How To Stream The Second Democratic Debate Online, So Even Those Without TV Can Get Political
There's always a lot of anxiety and suspense going into a primary debate, but at least on Nov. 14, there will be no need to worry about how to stream the second Democratic debate online — because the kind people at CBS have made it super easy for us. The debate will be streaming live all night from the CBS website, so those without cable won't have to miss a second of it.
Those tuning in at home for next Saturday's debate will see a much smaller field on the stage at Drake University in Iowa than expected. Following the first debate, which featured the top five candidates, both Jim Webb and Lincoln Chafee have dropped out. This means it will be a three-way race on Saturday between Hillary Clinton, Bernie Sanders, and Martin O'Malley.
This will be CBS' first time hosting a debate this season, and many will likely be curious to see how it goes. The network will be sponsoring a Republican debate in February, so Saturday's Democratic debate might provide insight into how the network will handle the increasingly unruly Republican field. Face The Nation's John Dickerson will act as the moderator for both debates — and considering that Anderson Cooper kicked off the Democratic debates, Dickerson has some big shoes to fill.
Not only is CBS kind enough to live stream the entire debate, but they're also hosting in on a Saturday — which means that there's really no excuse for people to not watch. It also probably means that the drinking games will be way more intense.
But whether you want to watch because you're feeling the Bern, or because you just really enjoy political drinking games, you've got a few choices. For you lucky few with TV, you can tune in to CBS at 9 p.m. EST to watch it live. But if you don't have cable, the full debate will be aired on CBS Live (which you can find here).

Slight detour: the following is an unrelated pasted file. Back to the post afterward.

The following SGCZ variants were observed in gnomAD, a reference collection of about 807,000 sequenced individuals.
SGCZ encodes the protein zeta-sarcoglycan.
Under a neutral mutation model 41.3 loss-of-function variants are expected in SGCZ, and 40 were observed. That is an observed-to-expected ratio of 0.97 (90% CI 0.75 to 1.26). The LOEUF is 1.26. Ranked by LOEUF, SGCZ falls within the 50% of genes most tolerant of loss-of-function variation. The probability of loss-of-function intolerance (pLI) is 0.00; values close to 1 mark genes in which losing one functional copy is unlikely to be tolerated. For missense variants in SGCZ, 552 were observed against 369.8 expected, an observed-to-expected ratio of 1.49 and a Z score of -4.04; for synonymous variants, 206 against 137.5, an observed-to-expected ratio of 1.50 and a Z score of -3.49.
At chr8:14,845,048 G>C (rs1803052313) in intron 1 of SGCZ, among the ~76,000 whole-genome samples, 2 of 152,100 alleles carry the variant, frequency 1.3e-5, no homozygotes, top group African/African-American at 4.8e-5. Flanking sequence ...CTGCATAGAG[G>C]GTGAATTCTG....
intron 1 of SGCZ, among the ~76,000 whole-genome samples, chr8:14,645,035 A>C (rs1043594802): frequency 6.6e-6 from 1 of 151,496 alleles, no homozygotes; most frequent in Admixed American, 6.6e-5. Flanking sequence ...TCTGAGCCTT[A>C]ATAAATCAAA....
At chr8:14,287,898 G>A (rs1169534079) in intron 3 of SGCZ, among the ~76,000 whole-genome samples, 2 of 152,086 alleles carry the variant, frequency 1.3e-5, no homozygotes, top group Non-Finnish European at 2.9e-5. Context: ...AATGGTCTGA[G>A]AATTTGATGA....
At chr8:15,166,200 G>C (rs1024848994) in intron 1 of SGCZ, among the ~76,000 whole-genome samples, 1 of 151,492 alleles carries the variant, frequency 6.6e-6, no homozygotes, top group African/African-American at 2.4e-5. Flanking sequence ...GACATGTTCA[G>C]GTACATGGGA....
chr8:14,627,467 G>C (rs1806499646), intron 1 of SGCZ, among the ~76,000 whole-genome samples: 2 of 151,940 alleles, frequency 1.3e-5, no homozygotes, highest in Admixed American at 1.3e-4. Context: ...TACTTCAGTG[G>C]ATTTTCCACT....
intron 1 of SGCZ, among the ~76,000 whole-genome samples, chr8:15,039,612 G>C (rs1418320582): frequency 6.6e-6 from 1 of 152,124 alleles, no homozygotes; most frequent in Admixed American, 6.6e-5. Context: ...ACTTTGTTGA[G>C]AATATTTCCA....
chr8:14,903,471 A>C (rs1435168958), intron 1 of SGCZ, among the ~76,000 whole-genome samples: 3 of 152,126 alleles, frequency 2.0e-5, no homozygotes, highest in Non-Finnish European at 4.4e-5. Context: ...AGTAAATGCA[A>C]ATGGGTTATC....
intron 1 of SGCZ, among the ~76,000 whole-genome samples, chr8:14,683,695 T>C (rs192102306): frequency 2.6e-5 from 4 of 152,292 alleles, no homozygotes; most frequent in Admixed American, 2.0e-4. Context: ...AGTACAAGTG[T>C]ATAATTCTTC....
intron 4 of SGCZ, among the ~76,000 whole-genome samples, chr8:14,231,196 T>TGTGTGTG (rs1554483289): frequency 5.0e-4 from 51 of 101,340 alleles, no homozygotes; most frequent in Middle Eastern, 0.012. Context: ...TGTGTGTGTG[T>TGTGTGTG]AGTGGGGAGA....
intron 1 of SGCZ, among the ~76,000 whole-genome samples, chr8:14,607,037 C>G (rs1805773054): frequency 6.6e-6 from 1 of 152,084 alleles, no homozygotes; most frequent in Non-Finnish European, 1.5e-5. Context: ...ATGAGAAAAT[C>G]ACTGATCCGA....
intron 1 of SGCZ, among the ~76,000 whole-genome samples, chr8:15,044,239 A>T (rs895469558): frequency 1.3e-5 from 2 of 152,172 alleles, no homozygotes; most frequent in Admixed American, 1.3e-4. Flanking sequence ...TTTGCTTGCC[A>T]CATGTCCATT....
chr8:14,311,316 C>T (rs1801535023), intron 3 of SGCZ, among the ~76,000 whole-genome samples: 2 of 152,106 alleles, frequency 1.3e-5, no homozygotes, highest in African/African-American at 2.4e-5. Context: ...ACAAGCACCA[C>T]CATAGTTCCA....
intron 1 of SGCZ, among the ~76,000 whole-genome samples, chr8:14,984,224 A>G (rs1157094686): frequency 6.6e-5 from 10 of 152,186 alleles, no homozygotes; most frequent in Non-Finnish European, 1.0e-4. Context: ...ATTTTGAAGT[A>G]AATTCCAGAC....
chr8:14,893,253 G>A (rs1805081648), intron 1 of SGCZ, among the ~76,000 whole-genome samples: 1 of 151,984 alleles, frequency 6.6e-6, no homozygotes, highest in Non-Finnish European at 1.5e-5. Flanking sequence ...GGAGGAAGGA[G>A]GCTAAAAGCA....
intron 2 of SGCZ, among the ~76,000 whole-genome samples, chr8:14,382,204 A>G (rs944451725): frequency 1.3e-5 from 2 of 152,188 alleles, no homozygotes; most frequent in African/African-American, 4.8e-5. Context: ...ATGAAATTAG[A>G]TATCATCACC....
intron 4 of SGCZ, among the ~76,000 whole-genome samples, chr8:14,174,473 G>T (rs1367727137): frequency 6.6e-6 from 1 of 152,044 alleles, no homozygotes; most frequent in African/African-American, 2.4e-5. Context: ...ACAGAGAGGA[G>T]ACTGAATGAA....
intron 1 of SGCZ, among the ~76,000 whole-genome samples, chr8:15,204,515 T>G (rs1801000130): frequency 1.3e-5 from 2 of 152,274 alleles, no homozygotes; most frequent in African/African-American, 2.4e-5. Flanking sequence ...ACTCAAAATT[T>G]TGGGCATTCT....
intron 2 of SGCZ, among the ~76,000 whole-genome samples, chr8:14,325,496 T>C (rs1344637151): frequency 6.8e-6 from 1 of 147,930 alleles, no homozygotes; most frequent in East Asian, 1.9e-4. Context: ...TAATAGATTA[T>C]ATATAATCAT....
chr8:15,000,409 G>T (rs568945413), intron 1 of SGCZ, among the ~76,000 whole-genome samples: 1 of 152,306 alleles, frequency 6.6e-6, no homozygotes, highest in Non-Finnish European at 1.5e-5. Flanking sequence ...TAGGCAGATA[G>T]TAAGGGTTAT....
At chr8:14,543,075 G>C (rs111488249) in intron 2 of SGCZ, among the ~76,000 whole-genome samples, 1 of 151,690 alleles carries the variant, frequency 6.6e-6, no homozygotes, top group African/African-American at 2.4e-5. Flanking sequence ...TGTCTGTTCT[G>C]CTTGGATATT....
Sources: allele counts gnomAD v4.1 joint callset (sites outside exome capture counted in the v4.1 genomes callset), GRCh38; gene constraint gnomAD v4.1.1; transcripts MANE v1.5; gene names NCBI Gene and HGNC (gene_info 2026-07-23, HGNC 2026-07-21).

But what's new to this debate is how interactive it will be for Twitter users. Along with The Des Moines Register, Twitter will be co-sponsoring the debate. According to Twitter, the social media platform will provide "real-time data and insights, and will bring live reactions and questions from voters around the country onto the debate stage." And viewers' real-time reactions and opinions on the debate might even be used to impact the format.
Twitter's involvement also means that following along with the debate from your phone will be easier than ever. If you can't watch the full event or don't have access to the live stream, Twitter's "moment" section will be providing updated quotes, videos, and responses from the debate. When it's this easy to watch the event, there's really no excuse not to.